10/26: North Carolina: Hagan and Tillis Tied in U.S. Senate Race

In the contest for U.S. Senate in North Carolina, Democratic incumbent Kay Hagan, 43%, and her Republican challenger and state legislator Thom Tillis, 43%, are in a dead heat among North Carolina likely voters including those who are undecided yet leaning toward a candidate or have voted early.  Six percent are undecided, and 6% of likely voters with a candidate preference say they might vote differently.

Hagan and Tillis maintain their support among their respective party’s base.  However, Tillis leads Hagan among independents likely to vote.  A gender gap also exists.  Hagan has a 10 point advantage among women likely to go to the polls while Tillis is up 11 among men.

Complete October 26, 2014 NBC News/Marist Poll of North Carolina

“Up until this point, incumbent Hagan has been considered the strongest Democrat among the so-called Democratic firewall states in this election cycle,” says Dr. Lee M. Miringoff, Director of The Marist College Institute for Public Opinion.  “Now, this is a contest that could go either way, and the outcome may determine control of the Senate.”

Poll points:

  • Hagan and Tillis are tied with 43% in the contest for U.S. Senate among likely voters in North Carolina including those who are undecided yet leaning toward a candidate or have voted early.  Libertarian Sean Haugh garners 7% of the vote, and 6% are undecided.  In NBC News/Marist’s survey earlier this month, Hagan had 44% to 40% for Tillis.
  • Allegiance falls along party lines.  Among independents likely to cast a ballot, Tillis, 41%, has a 10 point advantage over Hagan, 31%, an increase from the 4 point edge he previously had.  Haugh receives the support of 17% of independents, up slightly from 12%.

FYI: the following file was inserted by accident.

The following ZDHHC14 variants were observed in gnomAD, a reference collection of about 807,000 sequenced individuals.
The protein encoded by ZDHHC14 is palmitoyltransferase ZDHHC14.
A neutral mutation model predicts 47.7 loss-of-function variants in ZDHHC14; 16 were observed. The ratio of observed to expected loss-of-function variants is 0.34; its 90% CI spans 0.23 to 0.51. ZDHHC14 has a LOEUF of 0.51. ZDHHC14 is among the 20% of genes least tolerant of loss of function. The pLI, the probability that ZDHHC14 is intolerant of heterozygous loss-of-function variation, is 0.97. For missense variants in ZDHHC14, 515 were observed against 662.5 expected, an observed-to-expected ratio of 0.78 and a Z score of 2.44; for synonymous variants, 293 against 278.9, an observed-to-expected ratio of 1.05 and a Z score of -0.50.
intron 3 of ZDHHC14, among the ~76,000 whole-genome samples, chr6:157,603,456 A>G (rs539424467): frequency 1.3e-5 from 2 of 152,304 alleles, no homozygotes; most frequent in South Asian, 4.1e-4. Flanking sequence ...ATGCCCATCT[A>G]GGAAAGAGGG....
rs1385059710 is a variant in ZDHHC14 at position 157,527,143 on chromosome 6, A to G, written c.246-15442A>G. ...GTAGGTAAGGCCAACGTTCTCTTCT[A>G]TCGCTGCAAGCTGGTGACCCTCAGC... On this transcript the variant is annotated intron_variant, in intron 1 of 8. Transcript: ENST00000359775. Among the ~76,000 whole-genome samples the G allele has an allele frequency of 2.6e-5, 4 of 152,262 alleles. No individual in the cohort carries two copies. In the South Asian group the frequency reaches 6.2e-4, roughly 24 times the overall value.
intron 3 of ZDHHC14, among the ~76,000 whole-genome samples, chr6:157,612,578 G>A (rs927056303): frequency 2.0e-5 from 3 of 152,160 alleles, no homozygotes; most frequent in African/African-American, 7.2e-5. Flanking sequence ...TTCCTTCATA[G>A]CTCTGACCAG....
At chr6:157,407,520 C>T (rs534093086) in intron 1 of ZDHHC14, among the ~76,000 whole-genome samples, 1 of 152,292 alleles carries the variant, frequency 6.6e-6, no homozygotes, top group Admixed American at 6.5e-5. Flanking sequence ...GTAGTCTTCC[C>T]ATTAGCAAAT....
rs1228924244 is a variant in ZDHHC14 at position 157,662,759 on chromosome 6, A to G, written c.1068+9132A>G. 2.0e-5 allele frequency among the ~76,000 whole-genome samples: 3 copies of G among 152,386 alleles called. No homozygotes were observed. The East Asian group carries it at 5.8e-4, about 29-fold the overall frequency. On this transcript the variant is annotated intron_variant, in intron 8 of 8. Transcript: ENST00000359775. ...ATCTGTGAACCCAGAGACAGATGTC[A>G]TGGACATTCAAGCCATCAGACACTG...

• A gender gap remains.  Hagan, 48%, outpaces Tillis, 38%, among women likely to vote.  Tillis, 49%, leads Hagan, 38%, among men likely to cast a ballot.
  • 58% of likely voters with a candidate preference including those who voted early strongly support their choice of candidate for U.S. Senate, up from 50% in early October.  Six percent of voters with a candidate preference might vote differently.  More of Hagan’s supporters, 67%, are firmly committed to her than Tillis’ backers, 54%, are to him.
  • Among North Carolina registered voters including those who are undecided yet leaning toward a candidate or have voted early, Hagan has 42% to 40% for Tillis and 8% for Haugh.  Nine percent are undecided.
  • Both Hagan and Tillis have higher negative than positive ratings.  48% of likely voters have an unfavorable view of Hagan, and 41% have a favorable impression of her.  44% have a negative impression of Tillis, and 40% have a positive opinion of him.
  • Job creation and economic growth, 20%, is the top concern for North Carolina likely voters in deciding their vote for Congress.  Health care, 16%, and breaking the partisan gridlock in Washington, 15%, capture the second and third spots.  Social Security and Medicare, 12%, follows.  Military action against ISIS and the deficit and government spending each receives 10%.  Looking out for the interests of women, 5%, and immigration, 3%, follow.
  • President Barack Obama’s job approval rating in North Carolina, 37%, remains low among residents.  The president’s score was 39% in early October.

Marist Poll Methodology

Nature of the Sample and Complete Tables